Clash between FIFA and the EU
23.04.2009By Steve Menary
The All Parliamentary Football Group (APFG) published a review on the governance of English football with seven recommendations, including support for Blatter’s proposal that each team starts a match with a minimum six players eligible for that league’s national team.
Allan Keen MP, the group’s chair, said: “If we wish for the fortunes of our national team to improve, we must ensure that young domestic talent is given the opportunity to get experience at the top level. It is because of this that we recommend that a measure is brought in to ensure that a minimum number of domestic players are to be included in a club’s starting line-up.”
The recommendations are not binding but the group is one of the largest all-party single-interest groups in parliament with more than 150 members of parliament from various different parties, and adds to a groundswell of opinion supporting Blatter’s idea.
The Premier League immediately rebuffed the APFG’s claims, saying: “This report comes at a time when the quality of the English game, both on and off the pitch, has arguably never been higher and we are committed to ensuring this remains the case going forward.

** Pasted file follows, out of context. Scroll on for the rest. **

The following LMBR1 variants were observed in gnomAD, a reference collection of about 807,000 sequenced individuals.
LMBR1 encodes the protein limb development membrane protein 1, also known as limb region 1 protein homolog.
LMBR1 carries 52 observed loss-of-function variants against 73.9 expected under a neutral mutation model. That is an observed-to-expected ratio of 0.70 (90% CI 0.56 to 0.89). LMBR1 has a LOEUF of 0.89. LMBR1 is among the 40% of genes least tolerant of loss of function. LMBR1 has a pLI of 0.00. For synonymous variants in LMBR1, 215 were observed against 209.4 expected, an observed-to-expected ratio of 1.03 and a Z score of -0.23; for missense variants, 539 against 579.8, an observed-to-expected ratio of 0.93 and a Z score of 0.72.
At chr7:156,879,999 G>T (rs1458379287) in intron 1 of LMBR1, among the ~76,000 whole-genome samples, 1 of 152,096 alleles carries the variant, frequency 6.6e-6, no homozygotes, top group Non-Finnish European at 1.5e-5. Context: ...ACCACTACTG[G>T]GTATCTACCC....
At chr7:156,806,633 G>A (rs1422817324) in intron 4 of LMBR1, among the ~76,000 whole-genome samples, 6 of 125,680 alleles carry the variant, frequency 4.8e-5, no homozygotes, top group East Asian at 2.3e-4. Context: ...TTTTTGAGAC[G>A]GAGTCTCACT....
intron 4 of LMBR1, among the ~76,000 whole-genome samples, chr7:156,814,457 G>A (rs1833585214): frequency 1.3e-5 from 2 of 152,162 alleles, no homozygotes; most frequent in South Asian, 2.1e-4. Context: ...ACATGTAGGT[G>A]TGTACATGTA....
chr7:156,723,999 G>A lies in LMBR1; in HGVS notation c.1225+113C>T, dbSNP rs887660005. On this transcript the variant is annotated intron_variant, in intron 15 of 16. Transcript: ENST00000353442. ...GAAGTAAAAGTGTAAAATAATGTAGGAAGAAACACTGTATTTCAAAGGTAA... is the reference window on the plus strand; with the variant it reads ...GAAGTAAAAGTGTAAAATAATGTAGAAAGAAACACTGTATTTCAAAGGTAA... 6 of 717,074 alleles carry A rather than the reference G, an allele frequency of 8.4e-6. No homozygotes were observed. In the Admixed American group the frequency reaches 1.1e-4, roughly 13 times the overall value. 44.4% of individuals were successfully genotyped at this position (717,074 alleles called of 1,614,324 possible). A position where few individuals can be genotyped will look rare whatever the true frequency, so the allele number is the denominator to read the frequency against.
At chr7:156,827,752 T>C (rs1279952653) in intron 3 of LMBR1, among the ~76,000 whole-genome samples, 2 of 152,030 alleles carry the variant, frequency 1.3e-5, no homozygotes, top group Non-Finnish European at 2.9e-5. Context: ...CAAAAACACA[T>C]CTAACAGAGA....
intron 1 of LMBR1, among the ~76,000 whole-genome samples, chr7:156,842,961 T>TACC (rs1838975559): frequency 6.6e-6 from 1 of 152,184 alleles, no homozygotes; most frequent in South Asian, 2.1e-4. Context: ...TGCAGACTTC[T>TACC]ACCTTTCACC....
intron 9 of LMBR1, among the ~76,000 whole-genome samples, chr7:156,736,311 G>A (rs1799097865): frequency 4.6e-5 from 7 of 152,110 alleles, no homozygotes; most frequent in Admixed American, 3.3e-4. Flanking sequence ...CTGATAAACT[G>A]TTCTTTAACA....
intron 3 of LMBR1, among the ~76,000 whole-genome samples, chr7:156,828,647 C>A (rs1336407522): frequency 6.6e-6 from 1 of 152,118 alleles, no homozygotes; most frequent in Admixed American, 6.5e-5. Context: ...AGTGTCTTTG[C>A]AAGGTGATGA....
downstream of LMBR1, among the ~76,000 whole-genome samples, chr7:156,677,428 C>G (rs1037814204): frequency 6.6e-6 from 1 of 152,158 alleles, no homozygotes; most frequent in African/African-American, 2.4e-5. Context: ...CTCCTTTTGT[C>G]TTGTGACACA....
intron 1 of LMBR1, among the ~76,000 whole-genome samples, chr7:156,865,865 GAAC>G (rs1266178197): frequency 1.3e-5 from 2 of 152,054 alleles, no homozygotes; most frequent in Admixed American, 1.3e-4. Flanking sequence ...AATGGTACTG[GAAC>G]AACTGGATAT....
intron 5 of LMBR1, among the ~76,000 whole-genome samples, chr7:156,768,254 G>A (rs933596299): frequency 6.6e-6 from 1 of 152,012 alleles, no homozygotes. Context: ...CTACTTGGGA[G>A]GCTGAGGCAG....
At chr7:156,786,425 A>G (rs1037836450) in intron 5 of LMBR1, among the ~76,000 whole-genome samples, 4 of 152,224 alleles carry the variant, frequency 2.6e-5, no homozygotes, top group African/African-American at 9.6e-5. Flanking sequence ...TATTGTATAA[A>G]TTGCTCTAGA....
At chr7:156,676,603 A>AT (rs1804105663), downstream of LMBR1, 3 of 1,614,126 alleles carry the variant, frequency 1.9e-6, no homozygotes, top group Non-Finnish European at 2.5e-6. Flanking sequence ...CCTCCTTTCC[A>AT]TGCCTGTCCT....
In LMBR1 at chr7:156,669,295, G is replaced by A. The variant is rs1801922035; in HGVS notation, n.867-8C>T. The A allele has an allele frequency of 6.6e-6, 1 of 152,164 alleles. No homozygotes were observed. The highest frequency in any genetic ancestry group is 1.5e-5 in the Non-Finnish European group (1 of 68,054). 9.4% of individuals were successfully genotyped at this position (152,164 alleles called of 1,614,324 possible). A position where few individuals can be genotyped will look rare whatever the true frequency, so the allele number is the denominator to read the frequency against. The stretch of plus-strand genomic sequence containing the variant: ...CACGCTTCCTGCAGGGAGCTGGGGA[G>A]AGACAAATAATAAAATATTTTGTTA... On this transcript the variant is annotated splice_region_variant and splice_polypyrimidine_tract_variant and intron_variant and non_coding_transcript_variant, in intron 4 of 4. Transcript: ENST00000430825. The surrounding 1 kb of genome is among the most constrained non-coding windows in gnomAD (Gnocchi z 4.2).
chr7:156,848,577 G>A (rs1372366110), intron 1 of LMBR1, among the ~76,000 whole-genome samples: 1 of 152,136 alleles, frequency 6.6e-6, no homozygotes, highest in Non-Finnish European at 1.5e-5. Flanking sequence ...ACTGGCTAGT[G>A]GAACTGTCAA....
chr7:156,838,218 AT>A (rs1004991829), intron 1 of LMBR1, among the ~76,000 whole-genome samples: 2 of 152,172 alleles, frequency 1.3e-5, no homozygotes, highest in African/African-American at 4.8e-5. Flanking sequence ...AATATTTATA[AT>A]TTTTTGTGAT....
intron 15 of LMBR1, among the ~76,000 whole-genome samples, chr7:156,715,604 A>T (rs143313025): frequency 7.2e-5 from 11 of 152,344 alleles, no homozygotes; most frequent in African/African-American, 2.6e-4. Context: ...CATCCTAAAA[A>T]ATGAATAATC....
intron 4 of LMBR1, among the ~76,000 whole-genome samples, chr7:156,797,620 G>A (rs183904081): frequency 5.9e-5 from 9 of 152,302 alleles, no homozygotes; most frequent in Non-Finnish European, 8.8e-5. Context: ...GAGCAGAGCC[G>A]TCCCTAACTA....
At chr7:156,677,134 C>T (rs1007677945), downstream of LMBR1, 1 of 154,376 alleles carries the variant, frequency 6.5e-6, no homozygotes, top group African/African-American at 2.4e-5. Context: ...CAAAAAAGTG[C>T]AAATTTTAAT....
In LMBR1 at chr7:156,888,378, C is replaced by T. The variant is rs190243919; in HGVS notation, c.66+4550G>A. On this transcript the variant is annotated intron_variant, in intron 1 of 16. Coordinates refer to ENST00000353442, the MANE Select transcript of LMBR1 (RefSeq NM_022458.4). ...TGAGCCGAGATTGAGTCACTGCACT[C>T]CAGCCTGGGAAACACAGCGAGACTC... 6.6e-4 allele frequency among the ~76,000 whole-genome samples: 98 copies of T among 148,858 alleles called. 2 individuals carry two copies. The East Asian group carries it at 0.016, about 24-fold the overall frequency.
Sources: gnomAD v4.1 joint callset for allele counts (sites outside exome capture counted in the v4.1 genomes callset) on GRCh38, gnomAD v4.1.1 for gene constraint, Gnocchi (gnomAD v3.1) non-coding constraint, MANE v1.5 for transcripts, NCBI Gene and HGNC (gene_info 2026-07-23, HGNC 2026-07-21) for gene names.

“It is also worth noting that we are currently engaged in discussions with the Secretary of State for Culture, Media & Sport, Andy Burnham, as to how to maintain and enhance the already high standards of governance in the Premier League.”
The Premier League met on April 23 to discuss the report before issuing further comment but insiders at the competition are frustrated that the all-parliamentary group only interviewed people for the report whose views – mainly supportive of 6+5 – were already know.
At a congress in Sydney in May 2008, FIFA passed a resolution approved by 155 members to try and implement the 6+5 rule by the 2013/14 season but the European Union (EU) dismissed the idea as “illegal”.
The EU insisting that the proposal endangers a key tenet of the EU - the free movement of labour – but in February the Institute of European Affairs (INEA) cast doubt on this.
“There is no conflict with European law,” said Professor Jurgen Gramke, who led an INEA report commissioned by FIFA and unveiled in February that found the 6+5 idea was simply another ‘rule of the game.’
The All Parliamentary Group’s focus was on England and the Premier League but in neighbouring Scotland, a recent survey by the SPL found that 58 per cent of the average match day squad were Scottish and another 20 per cent from the rest of the UK and Republic of Ireland.
The same survey also found that 48 per cent of players in the starting XI during the snapshot were developed outside Scotland but SPL marketing & communications manager Greig Mailer said: “We currently have a rule in place where each club has to name three outfield U21 players [of any nationality] in each match day squad.
“The clubs are currently reviewing this rule as part of the broader review of the transition between youth and first team football. In any case, our clubs would meet the requirement, with seven Scots starting in the average first XI of each club in our league.
The SPL insists that Scots clubs support the proposal but a recent BBC Scotland survey found that only half of the 12-team SPL were definitely willing to endorse the 6+5 idea.